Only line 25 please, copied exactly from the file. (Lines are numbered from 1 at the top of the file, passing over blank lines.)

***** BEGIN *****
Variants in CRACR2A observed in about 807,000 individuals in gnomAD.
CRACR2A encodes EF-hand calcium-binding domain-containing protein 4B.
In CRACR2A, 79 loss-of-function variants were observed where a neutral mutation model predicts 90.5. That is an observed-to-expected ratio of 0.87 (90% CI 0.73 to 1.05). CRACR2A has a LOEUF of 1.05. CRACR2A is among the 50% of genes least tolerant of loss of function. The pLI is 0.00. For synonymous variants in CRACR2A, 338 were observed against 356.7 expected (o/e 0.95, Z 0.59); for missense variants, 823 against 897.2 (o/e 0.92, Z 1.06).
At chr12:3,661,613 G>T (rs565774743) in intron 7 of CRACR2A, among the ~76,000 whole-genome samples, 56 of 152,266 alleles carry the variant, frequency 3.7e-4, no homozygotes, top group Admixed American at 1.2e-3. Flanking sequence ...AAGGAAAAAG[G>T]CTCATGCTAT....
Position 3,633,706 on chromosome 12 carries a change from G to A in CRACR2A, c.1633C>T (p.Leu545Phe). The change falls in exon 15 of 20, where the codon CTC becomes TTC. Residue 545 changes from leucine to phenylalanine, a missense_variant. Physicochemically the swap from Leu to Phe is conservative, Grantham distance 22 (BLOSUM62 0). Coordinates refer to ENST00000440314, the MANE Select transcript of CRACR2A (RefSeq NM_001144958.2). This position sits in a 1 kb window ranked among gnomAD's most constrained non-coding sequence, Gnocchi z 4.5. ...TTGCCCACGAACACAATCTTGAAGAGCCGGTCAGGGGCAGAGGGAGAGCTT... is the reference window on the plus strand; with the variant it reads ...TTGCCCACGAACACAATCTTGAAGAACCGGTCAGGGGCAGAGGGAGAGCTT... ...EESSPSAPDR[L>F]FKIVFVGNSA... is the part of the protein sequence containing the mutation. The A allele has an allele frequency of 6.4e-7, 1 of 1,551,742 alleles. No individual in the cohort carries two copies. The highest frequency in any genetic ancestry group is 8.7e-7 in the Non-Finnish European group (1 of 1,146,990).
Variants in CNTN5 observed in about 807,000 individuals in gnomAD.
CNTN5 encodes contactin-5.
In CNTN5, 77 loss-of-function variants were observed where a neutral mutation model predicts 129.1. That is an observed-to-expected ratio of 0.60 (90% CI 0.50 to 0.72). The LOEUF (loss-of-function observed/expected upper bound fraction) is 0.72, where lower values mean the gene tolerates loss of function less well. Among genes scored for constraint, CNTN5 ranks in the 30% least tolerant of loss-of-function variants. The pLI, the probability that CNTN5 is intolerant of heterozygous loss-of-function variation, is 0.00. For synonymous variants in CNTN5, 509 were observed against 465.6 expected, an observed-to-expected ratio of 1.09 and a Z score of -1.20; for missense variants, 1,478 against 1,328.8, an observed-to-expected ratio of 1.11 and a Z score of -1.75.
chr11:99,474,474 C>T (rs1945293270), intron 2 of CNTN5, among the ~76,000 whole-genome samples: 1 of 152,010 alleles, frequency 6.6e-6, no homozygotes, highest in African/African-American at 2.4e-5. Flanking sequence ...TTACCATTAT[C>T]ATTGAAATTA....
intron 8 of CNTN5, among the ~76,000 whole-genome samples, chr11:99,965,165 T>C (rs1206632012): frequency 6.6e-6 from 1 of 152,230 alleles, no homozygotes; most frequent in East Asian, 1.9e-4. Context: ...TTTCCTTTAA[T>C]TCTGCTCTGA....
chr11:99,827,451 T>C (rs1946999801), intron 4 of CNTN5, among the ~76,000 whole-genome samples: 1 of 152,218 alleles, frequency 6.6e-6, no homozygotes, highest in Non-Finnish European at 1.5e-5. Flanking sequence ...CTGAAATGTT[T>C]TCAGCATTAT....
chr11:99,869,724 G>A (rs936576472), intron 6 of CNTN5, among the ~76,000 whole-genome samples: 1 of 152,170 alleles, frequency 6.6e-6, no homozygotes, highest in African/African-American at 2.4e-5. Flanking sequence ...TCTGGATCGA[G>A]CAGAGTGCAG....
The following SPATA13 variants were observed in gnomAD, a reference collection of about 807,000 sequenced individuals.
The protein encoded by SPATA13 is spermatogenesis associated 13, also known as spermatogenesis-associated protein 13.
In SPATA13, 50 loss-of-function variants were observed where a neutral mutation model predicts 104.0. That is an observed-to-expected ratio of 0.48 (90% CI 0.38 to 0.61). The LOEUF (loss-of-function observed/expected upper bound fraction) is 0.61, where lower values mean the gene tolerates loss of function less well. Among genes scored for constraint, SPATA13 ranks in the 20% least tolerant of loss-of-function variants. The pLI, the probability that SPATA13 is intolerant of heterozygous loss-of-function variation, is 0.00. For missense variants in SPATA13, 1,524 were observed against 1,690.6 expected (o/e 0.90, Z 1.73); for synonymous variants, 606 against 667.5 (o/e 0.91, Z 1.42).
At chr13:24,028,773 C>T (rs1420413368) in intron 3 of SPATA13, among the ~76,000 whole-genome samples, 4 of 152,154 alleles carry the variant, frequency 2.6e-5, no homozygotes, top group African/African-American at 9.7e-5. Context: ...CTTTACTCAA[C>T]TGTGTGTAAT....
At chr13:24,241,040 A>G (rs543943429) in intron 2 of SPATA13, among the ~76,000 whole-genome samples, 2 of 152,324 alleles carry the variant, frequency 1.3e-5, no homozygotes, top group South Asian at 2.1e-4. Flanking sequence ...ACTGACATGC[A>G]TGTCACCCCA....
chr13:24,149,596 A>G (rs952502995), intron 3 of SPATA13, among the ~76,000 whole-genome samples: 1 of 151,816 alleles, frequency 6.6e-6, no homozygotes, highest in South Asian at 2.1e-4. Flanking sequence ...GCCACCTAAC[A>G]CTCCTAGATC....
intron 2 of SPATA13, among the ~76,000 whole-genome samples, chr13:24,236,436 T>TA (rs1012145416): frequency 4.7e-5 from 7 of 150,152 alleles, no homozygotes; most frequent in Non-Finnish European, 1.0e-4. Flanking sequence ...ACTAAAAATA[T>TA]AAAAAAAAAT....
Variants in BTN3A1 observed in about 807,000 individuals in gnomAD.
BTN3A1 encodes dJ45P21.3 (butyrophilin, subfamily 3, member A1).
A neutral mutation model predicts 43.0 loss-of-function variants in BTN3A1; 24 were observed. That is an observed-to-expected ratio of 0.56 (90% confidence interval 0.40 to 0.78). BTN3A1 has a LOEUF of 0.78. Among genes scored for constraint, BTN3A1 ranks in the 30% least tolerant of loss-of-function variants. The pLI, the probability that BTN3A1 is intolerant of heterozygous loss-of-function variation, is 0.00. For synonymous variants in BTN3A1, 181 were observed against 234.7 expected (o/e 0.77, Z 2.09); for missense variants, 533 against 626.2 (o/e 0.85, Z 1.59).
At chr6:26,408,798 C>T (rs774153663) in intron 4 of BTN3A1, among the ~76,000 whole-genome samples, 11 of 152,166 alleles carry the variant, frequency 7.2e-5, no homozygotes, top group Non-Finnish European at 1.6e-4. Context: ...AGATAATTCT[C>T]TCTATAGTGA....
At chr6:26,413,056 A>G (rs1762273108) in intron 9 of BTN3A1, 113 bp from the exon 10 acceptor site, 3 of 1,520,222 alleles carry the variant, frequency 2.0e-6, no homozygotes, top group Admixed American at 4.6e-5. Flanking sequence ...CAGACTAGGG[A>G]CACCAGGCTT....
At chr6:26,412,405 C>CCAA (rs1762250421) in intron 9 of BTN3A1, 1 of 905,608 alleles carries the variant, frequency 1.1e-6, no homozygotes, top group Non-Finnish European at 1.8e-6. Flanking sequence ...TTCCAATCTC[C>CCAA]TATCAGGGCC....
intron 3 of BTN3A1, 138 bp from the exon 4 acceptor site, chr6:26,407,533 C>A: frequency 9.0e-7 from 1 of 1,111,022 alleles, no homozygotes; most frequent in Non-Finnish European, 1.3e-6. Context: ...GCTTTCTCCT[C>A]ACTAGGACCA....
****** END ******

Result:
At chr6:26,412,405 C>CCAA (rs1762250421) in intron 9 of BTN3A1, 1 of 905,608 alleles carries the variant, frequency 1.1e-6, no homozygotes, top group Non-Finnish European at 1.8e-6. Flanking sequence ...TTCCAATCTC[C>CCAA]TATCAGGGCC....